President Bush left Sweden today and arrived in Warsaw, Poland, where he is expected to make a major speech outlining his vision for Europe.
Today's big presidential address in the former Eastern Bloc country will set up what is considered his most important stop on his European tour: The Slovenian capital of Ljubljana where he will have his first face-to-face meeting Russian President Vladimir Putin, a man who has been publicly suspicious of American motives.
But prior to meeting with Polish officials, Bush took some time out of his schedule, and made a statement that praised the Senate for passing education legislation on Thursday that will require annual math and reading tests for millions of school children.
The 91-8 vote in the Senate set the stage for a summer of negotiations on a final compromise among the White House, the GOP-controlled House and the Senate, newly under Democratic management.
"It is a piece of legislation that will reform public education in America," President Bush said prior to leaving from Sweden at a press conference. "I can truly say that no child in our country will be left behind."
White House officials say that the president is not expected to talk further on this, and he is expected to concentrate mainly on foreign relations issues.
Bush will also do what his father and other recent American presidents have done: Place wraths at Polish monuments to the 3 million Jews put to death by the Nazis, and to heros who resisted.
‘Agreed to Disagree’
President Bush and European leaders "agreed to disagree" over a global warming treaty on Thursday, as the president sought to reassure allies sharp policy differences would not hamper relations between Europe and the United States.
During the closed-door session, Bush and his European counterparts confronted one of their most contentious areas of disagreement: the president's rejection of the Kyoto Accord on global warming.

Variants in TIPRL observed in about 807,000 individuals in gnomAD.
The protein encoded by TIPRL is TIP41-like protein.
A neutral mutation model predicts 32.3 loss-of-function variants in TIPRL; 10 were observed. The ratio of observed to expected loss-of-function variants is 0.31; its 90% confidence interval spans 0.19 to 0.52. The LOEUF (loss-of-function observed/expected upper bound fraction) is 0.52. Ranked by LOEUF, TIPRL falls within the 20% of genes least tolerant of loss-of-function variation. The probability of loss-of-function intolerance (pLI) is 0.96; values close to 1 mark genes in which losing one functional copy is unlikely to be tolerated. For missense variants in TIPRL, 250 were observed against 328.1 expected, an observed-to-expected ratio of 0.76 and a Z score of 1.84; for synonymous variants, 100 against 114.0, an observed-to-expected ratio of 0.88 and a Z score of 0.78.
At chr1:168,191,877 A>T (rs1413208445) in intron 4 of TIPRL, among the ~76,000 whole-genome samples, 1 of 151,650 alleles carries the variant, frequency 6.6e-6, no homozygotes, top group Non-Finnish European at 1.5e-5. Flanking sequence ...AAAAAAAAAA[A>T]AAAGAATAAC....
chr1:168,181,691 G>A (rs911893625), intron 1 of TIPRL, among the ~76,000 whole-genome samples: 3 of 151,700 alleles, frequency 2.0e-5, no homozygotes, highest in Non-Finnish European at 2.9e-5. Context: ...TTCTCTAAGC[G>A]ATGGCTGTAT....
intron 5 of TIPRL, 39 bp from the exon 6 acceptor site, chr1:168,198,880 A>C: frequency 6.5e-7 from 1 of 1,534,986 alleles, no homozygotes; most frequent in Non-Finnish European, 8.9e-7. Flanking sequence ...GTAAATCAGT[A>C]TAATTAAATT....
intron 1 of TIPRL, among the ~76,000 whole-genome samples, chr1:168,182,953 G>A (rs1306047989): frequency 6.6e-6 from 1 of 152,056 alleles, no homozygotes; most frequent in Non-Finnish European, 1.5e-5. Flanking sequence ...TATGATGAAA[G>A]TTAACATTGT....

"We agreed to disagree," Swedish Prime Minister Goran Persson told reporters. "The European Union is sticking to the Kyoto Protocol … The U.S. has chosen another policy."
Bush announced his decision not to support ratification of the 1997 climate change agreement in March and repeated the reasons for his decision Thursday.
The president's refusal to support ratification of the treaty has been a major source of tension between the U.S. and Europe. Bush's critics overseas say the president's opposition shows a willingness to put narrow domestic economic considerations ahead of global environmental concerns. They also claim his lack of consultation with allies before making his decision was an indication of a unilateralist approach to foreign policy — a notion the president is trying to dispel on this weeklong tour.
"People in our nation care about global warming and greenhouse emissions," he said. "[But,] we didn't feel like the Kyoto treaty was well-balanced … It didn't include developing nations; the goals were not realistic."
Administration officials have pointed to the fact that none of the EU's members have yet ratified the treaty to suggest their leaders' criticisms of Bush's decision are somewhat disingenuous. But the president declined to question the motives of European leaders, saying the matter was a "genuine" difference of opinion and not one "necessarily" based on "politics."
On Saturday, the main topic of discussion is expected to be about missile defense. Putin is staunchly opposed to the president's plans and has warned that developing the kind of weapons systems envisioned by Bush would mean the abrogation of the 1972 Anti-Ballistic Missile Treaty.